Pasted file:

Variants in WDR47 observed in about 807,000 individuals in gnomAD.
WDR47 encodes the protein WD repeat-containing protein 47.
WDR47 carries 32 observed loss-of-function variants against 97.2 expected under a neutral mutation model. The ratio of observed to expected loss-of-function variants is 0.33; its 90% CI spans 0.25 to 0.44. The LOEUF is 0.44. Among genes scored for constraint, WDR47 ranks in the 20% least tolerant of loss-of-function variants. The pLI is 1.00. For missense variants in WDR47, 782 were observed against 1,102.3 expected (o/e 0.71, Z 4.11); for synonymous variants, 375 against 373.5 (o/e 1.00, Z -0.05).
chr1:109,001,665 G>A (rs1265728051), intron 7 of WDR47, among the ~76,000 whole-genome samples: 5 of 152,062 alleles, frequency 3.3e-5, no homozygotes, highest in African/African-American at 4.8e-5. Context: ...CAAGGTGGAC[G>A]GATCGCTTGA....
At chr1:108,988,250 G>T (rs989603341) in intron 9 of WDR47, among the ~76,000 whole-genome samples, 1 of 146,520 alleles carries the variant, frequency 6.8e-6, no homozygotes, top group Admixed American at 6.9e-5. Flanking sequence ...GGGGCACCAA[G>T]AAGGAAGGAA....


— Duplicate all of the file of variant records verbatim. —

Variants in WDR47 observed in about 807,000 individuals in gnomAD.
WDR47 encodes the protein WD repeat-containing protein 47.
WDR47 carries 32 observed loss-of-function variants against 97.2 expected under a neutral mutation model. The ratio of observed to expected loss-of-function variants is 0.33; its 90% CI spans 0.25 to 0.44. The LOEUF is 0.44. Among genes scored for constraint, WDR47 ranks in the 20% least tolerant of loss-of-function variants. The pLI is 1.00. For missense variants in WDR47, 782 were observed against 1,102.3 expected (o/e 0.71, Z 4.11); for synonymous variants, 375 against 373.5 (o/e 1.00, Z -0.05).
chr1:109,001,665 G>A (rs1265728051), intron 7 of WDR47, among the ~76,000 whole-genome samples: 5 of 152,062 alleles, frequency 3.3e-5, no homozygotes, highest in African/African-American at 4.8e-5. Context: ...CAAGGTGGAC[G>A]GATCGCTTGA....
At chr1:108,988,250 G>T (rs989603341) in intron 9 of WDR47, among the ~76,000 whole-genome samples, 1 of 146,520 alleles carries the variant, frequency 6.8e-6, no homozygotes, top group Admixed American at 6.9e-5. Flanking sequence ...GGGGCACCAA[G>T]AAGGAAGGAA....